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Objects declared as final their reference cannot be changed.  RSS feed

 
srikanth darbha
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Hi Code ranch,

Objects declared as final can always be initialized only once. If there is an attempt to change the object reference or the contents, then compilation error will occur.

According to me the above statement is true.

But i have read in an documentation it is false.

Can you please help me out in this as if we change the object reference which is declared as final will result in compilation error.


Regards,
D.Srikanth
 
Liutauras Vilda
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Looking to the code snippet above, and the statement you posted, try to see what this code proves wrong about the statement you posted?
 
srikanth darbha
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Liutauras Vilda wrote:Looking to the code snippet above, and the statement you posted, try to see what this code proves wrong about the statement you posted?


I can see that modifying content will not result in any error but reference change will give an error.
 
Liutauras Vilda
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srikanth darbha wrote:I can see that modifying content will not result in any error but reference change will give an error.

Here you go. So what the correct answer you can conclude about the statement:

"Objects declared as final can always be initialized only once. If there is an attempt to change the object reference or the contents, then compilation error will occur."
  • true
  • false


  • ?
     
    Campbell Ritchie
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    That is because the final modifier is applied to the reference, not the state of the object. You can't writeWhat people misunderstand is the difference between changing the identity of what the reference points to (final does that) and preventing changing the state of any object pointed to. You can always change the state of a mutable reference type. There are various ways to mitigate that latter problem, e.g. by taking defensive copies (see Joshua Bloch Effective Java™ 2/e pags 184‑188) or reducing mutability (Bloch pages 73‑80 and Java™ Tutorials). You will notice that the examples of immutability use final inside the class; you cannot “inject” final‑ity into a class by any sort of technique like the code I showed.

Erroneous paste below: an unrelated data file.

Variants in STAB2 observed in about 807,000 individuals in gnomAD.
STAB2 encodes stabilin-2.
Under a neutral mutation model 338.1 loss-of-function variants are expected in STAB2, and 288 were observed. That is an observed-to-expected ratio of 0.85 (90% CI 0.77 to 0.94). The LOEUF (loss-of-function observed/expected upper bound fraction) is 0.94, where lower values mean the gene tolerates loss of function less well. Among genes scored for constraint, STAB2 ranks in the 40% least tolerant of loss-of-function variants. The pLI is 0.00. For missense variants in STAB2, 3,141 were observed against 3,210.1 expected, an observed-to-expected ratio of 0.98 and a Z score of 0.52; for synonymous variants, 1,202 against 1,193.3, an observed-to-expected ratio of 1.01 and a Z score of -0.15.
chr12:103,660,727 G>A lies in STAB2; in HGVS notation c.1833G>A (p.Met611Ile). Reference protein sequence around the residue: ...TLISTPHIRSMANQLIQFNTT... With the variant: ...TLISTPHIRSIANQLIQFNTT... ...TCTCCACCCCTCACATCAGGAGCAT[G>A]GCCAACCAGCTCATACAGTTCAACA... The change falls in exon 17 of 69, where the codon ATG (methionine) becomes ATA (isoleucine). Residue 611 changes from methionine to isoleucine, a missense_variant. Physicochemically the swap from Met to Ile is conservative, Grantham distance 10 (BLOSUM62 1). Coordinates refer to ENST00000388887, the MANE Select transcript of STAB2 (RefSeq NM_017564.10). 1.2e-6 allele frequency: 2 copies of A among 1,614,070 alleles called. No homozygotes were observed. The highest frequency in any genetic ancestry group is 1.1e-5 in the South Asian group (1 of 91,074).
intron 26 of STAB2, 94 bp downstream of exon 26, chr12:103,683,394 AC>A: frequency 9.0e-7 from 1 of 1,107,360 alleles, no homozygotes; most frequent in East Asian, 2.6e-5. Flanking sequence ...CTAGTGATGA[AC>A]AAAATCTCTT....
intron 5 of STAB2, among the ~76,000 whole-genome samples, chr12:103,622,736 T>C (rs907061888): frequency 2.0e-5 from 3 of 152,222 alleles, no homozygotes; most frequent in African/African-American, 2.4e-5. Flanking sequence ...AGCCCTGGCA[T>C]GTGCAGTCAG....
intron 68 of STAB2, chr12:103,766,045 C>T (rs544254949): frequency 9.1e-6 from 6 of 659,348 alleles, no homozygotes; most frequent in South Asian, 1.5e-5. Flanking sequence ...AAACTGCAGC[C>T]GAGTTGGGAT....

srikanth darbha
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    Liutauras Vilda wrote:
    srikanth darbha wrote:I can see that modifying content will not result in any error but reference change will give an error.

    Here you go. So what the correct answer you can conclude about the statement:

    "Objects declared as final can always be initialized only once. If there is an attempt to change the object reference or the contents, then compilation error will occur."
  • true
  • false


  • ?


    The answer is true as i have said earlier..
     
    Jesper de Jong
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    Read the statement again, carefully:

    Objects declared as final can always be initialized only once. If there is an attempt to change the object reference OR THE CONTENTS, then compilation error will occur.

    What happens if you change the contents of the object - do you get a compilation error or not? Note that the statement claims that you would get a compilation error.

    This is what you said yourself:
    srikanth darbha wrote:I can see that modifying content will not result in any error but reference change will give an error.


    So, do you still think the statement is true?
     
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